GEOG 868
Spatial Database Management

Project 1: Writing SQL SELECT Queries


Project 1: Writing SQL SELECT Queries

To demonstrate that you've learned the material from Lesson 1, please build queries in your Access database for each of the problems posed below. Some tips:

  • Remember that players who played for multiple teams in the same season (i.e., were traded mid-season) will have a separate row in the STATS table for each team-year combination.
  • Even if the requested query does not explicitly ask for player names in the output, please include names to make the output more informative.
  • Some of the problems require the use of sub-queries. You will receive equal credit whether you choose to embed your sub-query within the larger query or save your sub-query separately and build your final query upon that saved sub-query.
  • You should treat the words 'season' and 'year' in the problems below as synonymous.

Here are the problems to solve:

  1. Display all records/fields from the STATS table for players on the San Francisco Giants (SFG).
  2. Output the batting average (HITS divided by AB) for each player and season. Format this value so that exactly 3 digits appear after the decimal point.

    For example, Babe Ruth had a batting average of .200 in 1914 (2 hits in 10 at-bats).
  3. Display all records/fields from the STATS table along with the names of the players in the format “Ruth, Babe”.
  4. Calculate the number of seasons each player played for each of his teams. (Players who were on two teams in the same season can be counted as having played for both teams.)

    For example, Mark McGwire played 12 seasons for the Oakland Athletics and 5 seasons for the St Louis Cardinals (1997 being counted for both teams).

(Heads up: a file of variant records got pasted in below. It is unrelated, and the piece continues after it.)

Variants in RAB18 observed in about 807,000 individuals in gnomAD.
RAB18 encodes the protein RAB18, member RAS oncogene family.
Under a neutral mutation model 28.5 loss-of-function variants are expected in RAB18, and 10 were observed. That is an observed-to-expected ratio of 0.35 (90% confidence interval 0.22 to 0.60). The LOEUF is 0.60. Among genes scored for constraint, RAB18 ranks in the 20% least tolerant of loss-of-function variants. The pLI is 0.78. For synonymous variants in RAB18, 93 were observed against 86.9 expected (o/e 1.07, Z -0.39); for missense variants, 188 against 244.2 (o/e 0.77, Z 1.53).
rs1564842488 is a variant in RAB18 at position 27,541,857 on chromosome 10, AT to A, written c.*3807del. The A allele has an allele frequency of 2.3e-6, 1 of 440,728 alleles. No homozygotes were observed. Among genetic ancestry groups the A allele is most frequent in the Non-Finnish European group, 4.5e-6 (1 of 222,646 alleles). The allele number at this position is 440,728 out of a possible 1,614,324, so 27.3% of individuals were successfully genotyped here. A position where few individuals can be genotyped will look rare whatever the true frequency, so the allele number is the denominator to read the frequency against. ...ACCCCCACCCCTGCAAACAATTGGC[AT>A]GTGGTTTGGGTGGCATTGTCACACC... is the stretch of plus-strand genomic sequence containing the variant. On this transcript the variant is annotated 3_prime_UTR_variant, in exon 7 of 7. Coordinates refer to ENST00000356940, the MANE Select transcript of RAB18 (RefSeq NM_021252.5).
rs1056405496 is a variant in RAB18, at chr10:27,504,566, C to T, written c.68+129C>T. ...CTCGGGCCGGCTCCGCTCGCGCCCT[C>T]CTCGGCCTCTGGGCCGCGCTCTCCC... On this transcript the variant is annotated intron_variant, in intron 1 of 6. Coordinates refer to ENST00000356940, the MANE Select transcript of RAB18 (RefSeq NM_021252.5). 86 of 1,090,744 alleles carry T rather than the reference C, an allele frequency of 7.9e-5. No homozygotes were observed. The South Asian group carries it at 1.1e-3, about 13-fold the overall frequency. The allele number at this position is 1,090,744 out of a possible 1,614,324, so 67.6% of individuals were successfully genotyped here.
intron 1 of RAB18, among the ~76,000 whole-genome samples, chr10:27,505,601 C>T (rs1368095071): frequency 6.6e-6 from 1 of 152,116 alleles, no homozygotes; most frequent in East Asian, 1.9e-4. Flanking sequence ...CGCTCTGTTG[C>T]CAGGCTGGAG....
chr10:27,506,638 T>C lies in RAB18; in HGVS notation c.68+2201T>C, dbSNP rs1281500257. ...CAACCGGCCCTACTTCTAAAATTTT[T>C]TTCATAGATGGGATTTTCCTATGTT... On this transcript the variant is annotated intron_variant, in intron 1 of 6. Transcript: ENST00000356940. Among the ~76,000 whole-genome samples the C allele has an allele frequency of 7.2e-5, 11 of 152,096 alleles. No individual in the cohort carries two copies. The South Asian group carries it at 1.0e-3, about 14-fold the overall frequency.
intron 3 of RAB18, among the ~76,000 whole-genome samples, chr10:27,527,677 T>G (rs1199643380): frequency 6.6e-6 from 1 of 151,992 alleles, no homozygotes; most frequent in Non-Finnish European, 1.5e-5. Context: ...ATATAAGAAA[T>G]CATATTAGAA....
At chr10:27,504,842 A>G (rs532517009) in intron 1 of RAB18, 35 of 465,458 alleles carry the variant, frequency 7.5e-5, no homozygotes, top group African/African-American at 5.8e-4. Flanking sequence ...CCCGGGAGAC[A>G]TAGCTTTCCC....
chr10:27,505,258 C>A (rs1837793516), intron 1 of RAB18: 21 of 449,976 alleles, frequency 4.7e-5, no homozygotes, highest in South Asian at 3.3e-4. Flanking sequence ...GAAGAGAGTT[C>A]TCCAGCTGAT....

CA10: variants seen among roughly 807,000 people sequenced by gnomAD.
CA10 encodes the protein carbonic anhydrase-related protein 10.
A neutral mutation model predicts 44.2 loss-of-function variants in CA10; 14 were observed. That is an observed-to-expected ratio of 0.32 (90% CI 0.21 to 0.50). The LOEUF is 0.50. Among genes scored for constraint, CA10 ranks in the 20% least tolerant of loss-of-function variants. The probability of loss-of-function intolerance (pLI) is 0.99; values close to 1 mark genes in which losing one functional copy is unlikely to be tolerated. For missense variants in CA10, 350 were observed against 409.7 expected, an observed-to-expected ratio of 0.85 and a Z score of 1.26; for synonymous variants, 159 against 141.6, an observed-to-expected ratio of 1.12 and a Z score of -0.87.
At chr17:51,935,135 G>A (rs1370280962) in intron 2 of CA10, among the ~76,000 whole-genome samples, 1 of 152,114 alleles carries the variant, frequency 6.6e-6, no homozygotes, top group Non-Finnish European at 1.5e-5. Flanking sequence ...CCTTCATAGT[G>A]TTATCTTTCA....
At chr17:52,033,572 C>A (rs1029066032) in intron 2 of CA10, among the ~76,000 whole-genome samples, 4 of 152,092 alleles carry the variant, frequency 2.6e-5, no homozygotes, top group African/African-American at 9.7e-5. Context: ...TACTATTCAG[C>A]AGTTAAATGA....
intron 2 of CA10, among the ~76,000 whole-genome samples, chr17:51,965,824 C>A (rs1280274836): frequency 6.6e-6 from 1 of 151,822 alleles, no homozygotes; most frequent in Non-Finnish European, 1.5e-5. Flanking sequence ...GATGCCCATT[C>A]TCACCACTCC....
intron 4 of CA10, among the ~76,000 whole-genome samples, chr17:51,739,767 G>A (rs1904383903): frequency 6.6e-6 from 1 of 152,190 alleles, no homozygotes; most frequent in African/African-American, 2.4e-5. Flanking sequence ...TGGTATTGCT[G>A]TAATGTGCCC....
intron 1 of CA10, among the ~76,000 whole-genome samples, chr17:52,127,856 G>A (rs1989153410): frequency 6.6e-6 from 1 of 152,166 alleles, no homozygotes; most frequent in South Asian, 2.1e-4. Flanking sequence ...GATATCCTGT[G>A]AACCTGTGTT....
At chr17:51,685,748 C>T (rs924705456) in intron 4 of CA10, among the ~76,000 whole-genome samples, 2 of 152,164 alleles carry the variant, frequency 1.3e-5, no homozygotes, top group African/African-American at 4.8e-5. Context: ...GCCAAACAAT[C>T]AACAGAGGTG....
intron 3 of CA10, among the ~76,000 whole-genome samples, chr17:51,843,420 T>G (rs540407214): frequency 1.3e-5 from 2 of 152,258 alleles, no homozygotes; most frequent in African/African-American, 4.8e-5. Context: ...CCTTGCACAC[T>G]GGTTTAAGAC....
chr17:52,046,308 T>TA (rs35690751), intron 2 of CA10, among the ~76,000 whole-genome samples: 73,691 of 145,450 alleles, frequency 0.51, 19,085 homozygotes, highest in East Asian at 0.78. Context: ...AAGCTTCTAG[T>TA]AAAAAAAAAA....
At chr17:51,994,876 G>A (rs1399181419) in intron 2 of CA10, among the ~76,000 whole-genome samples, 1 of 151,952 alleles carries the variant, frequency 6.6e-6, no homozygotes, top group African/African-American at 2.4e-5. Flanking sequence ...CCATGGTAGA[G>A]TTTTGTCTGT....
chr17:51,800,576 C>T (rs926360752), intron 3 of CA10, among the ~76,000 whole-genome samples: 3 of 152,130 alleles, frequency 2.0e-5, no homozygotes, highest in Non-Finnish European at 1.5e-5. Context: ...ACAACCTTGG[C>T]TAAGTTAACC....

5. List the players based on the number of home runs hit in their rookie (first) seasons, from high to low.

    For example, Frank Robinson hit 38 home runs in his rookie season of 1956.
  6. Display the names (only the names, with no duplicates) of players who played in New York (any team beginning with 'NY').
  7. Sort the players by the number of seasons played (high to low). (Do not double-count in cases in which a player switched teams mid-season.)

    For example, Sammy Sosa played 18 seasons, with 1989, which he split between CHW and TEX counted as 1 season, not 2.
  8. Sort the players by their career batting average (career hits divided by career at-bats, high to low).

    For example, Harmon Killebrew had a career batting average of .256 (2086 hits in 8147 at-bats).
  9. Sort the players by their number of seasons with 100 or more RBI (high to low).

    For example, Hank Aaron had 100 or more RBI in a season 11 times.
  10. Sort the players based on the number of years between their first and last seasons of 40 or more HR (from most to least).

    For example, Willie Mays had his first 40-HR season in 1954 and his last in 1965, a difference of 11 years.

Name your queries so that it's easy for me to identify them (e.g., Proj1_1 through Proj1_10).


This project is one week in length. Please refer to the Canvas Calendar for the due date.

  1. Upload your Access database (.accdb file) containing your solutions to the 10 query exercises above to the Project 1 Dropbox. (100 of 100 points)
  2. Complete the Lesson 1 quiz.